Illustration by Gabrielle Conlon

Cw: depression, anxiety, gender dysphoria, ableism, racism, transphobia, homophobia

There’s a lot of debate over safe spaces. What exactly a safe space means and entails, who the space is suppose to be safe for… But I have been grappling with the possibility that safe spaces don’t exist. At least for me. Because if safe spaces have to be created, then I am left with the daunting task of creating my own.

For me, a safe space is somewhere I can be unapologetically myself, say what I feel, speak my mind, wear what makes me comfortable, and go about my business without feeling attacked, or “othered”. The issue with that, is I more often than not find myself in a room filled with people who are oppressing me–whether on a direct, personal level or a systemic one. Attending a PWI (Predominantly White Institution) in upstate/central New York, I am constantly surrounded by white people. Cis white people. Cishet white people. Cishet, able, wealthy, ignorant white people.

And when I stumble into a room of queers, I see mostly white faces, and unadmittedly white feminists.

I disclose my identity and share my pronouns to a room full of strangers, acquaintances, coworkers, professors, to be misgendered the next second. To be ignored through the mischievous device of colorblindness.

I deserve to be heard and seen. I deserve to be validated; not because I seek validation from others or prioritize it over self-validation, but for the sake of respect. I deserve to be respected.

But when I have a cishet white housemate who talks the liberal talk and acknowledges me appropriately, but also brings a gaggle of cishet white men over my house to mock AAVE, and misgender me in my face, just to join in on their appropriative behavior, and not correct their incorrect use of my pronouns, it seems like a lost cause. Posting safe space stickers on the front door, the living room wall, my bedroom door, the hallway, the door of a classroom, an office, seems to be a waste.

Who do we post these for? Who are the safe spaces for?

We post them because we want to be seen as good people. We post them because we want people to know we care. We want everyone to feel comfortable talking to us and free to be themselves.

But it’s my white counterparts that feel safe.

It’s my cisgender counterparts.

It’s the kids that don’t understand the importance of trigger warnings because they have the privilege of not having triggers. The ones that fail to realize that I hold my breath when I participate in class, waiting for someone to unnecessarily “piggyback off what [I’m] saying” and misgender me in the process.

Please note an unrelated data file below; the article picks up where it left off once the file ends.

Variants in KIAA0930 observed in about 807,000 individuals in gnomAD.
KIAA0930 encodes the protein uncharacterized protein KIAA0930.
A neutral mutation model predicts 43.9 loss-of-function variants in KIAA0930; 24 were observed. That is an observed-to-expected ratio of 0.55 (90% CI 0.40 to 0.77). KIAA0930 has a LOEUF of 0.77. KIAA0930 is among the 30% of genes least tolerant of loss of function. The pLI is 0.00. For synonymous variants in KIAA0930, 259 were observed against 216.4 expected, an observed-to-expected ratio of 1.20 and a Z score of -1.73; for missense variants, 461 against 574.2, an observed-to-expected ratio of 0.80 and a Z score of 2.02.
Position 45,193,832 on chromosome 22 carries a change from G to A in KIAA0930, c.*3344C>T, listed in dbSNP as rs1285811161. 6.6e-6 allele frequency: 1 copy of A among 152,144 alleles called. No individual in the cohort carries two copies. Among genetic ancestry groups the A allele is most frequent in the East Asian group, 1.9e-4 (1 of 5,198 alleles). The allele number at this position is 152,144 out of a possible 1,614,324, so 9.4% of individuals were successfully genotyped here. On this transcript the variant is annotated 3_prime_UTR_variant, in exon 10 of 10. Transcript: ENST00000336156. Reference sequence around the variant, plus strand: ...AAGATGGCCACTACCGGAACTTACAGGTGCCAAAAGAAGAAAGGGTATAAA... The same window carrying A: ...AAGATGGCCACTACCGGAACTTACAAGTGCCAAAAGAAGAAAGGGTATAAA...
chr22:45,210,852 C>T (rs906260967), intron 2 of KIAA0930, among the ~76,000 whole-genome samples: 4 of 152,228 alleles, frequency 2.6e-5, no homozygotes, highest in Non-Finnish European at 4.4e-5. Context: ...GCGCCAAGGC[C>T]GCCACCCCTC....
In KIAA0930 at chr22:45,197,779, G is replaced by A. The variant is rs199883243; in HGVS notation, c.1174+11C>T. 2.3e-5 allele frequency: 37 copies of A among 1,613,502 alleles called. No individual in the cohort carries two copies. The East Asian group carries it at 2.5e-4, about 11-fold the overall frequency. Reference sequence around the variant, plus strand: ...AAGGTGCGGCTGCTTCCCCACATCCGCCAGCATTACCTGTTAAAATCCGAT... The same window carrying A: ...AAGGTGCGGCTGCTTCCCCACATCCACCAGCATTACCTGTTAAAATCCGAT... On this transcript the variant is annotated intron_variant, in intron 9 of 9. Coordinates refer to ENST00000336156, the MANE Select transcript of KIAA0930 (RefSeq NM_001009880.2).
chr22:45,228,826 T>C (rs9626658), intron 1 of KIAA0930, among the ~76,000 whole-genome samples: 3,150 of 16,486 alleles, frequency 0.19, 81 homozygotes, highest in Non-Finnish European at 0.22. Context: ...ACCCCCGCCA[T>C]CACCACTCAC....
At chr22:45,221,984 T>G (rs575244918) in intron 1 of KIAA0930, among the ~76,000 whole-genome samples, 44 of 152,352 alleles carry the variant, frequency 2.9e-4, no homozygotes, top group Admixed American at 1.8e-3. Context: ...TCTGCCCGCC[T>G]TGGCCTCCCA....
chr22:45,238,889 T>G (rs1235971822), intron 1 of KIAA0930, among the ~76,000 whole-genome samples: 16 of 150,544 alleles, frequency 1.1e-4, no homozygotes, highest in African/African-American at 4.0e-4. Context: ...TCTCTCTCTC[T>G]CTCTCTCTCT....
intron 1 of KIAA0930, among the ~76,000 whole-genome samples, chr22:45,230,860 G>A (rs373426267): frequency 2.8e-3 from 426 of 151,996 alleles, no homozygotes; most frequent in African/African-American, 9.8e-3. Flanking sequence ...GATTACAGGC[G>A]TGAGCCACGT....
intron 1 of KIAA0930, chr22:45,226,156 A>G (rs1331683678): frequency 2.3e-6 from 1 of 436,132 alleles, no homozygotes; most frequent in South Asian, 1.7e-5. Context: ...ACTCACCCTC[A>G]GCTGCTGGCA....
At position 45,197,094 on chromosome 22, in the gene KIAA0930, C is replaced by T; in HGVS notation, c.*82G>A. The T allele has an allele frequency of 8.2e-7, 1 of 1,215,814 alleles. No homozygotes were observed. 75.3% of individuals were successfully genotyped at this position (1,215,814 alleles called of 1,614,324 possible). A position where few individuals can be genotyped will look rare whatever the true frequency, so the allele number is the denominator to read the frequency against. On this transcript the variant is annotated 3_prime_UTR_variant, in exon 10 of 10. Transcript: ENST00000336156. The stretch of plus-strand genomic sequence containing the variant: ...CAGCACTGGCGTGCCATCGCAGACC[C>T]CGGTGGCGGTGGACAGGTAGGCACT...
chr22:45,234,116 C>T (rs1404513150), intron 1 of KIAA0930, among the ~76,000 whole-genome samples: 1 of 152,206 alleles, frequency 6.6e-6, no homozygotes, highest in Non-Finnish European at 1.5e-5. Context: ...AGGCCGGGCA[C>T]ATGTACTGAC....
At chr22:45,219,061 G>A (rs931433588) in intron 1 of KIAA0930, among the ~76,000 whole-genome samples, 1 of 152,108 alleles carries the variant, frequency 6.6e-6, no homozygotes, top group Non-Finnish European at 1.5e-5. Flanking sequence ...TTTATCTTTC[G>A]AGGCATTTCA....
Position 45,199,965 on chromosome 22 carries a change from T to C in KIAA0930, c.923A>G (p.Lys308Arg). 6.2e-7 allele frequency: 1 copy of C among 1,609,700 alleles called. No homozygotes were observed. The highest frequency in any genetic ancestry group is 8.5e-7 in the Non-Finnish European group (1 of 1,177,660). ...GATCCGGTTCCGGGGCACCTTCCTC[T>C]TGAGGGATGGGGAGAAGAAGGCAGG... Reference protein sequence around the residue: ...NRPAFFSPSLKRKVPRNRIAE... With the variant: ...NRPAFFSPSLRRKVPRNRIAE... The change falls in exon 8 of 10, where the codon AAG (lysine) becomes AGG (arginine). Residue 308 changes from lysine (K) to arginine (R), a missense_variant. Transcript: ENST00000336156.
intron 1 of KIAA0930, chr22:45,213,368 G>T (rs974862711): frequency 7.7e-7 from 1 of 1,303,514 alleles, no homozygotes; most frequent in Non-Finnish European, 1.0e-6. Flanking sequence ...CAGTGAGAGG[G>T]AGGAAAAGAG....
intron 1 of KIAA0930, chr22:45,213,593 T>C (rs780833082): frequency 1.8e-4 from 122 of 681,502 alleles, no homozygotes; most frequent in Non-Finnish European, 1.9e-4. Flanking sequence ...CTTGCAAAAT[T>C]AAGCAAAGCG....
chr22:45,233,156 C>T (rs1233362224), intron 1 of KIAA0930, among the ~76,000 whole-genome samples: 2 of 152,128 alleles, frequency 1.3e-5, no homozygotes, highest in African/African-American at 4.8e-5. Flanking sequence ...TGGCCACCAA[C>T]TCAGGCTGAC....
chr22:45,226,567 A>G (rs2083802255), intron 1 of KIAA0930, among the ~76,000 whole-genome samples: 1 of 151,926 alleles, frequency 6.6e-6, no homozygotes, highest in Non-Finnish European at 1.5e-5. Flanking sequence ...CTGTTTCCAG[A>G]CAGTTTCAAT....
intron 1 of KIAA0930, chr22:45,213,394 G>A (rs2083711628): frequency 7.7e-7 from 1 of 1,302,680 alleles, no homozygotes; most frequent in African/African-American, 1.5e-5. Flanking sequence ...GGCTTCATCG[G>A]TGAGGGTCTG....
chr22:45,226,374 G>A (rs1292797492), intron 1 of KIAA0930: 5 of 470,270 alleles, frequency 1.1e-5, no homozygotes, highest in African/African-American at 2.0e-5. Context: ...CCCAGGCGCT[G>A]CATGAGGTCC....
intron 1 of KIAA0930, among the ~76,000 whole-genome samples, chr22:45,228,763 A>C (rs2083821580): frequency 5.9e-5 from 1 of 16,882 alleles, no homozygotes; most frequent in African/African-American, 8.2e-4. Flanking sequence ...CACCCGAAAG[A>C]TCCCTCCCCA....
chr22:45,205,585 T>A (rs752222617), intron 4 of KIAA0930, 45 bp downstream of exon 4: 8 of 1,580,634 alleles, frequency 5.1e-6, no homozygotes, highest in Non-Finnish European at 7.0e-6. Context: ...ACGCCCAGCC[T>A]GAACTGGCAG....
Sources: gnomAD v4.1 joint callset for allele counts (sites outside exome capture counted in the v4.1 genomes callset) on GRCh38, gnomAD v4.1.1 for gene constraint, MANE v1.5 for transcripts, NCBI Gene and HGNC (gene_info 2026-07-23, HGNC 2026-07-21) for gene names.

Holding back my comments when someone says an object or person is cr*zy, ghetto, gay, l*me.

When every class discussion is about the gender roles of men and women.

Men and women.

Men and women.

Well what about me?

Where do people like me fit into this discussion?

I had a professor who threatened to withdraw me from a class because I was on crutches, and could not make it to the third floor (this building now ironically has an elevator). I asked for an extension on a paper because on top of my sprained ankle, I was having really bad gender dysphoria and bouts of dissociation. He offered me an extension on the paper, but since I wasn’t registered with a physical or mental disability with student services, he took back my extension, and said he couldn’t help me since I was not registered. But why offer to help me? He could have asked me if I had a formal accommodation plan. But when I asked me about his revocation, he said that “from the way [I] spoke about [my] situation”, he assumed I had already had something in place. Ummm…I’m sorry I didn’t know that my transness in such a liberal environment would affect me so negatively? And this is a professor who teaches Queer Studies?

And with my depression and anxiety, this threw me over the edge.

Newsflash, not every person who suffers from mental illness knows? Or has validation?

Not everyone has access to help.

Not everyone comes from a family who cares, who validates, who respects, who knows.

And back “home” was never a safe space for me. As a queer person, I have to put up with being invalidated, misgendered, and closeted for the sake of physical safety and shelter. It was never safe for me as someone who suffers from mental health issues.

And the place that is supposed to give me the most comfort, warmth, and support, is the place I dread going to, for I have to put on a mask, and grit my teeth, pretending to be someone I’m not.

My mouth has been a place of destruction, gnawing its flesh from the inside out for over half my life, waiting for someone to call me out.

Waiting to dissociate.

Waiting to breakdown in tears.

Or anticipating the arrival of an emotion tsunami. Holding back tears like urine on a long car ride.

If I have ever been in a safe space, I might have missed it.

For me, my safe space Mecca has yet to be found; or rather, created.

A box where I can be myself without the worry of those around me to judge, invalidate, disrespect, and disregard my air. My body. My self.

Because unless I am in a room, in a building, in a town, in a country, in a world, surrounded by people just like me, I will never truly feel safe. I will always be and feel on edge or gasping for air, prepping my escape.

When I close my eyes, I imagine nothingness, a void filled with just myself. Hidden from all the negativity and the fake positivity.

When I close my eyes and reach deep into my gut, deep into the abyss of my mind, past the surging thoughts and anxiety, trauma and pain, I am comforted with the faint memory of what the womb must have been like.

And I allow that womb to envelop me with its warmth, while I cry and breathe, for I have no safe space.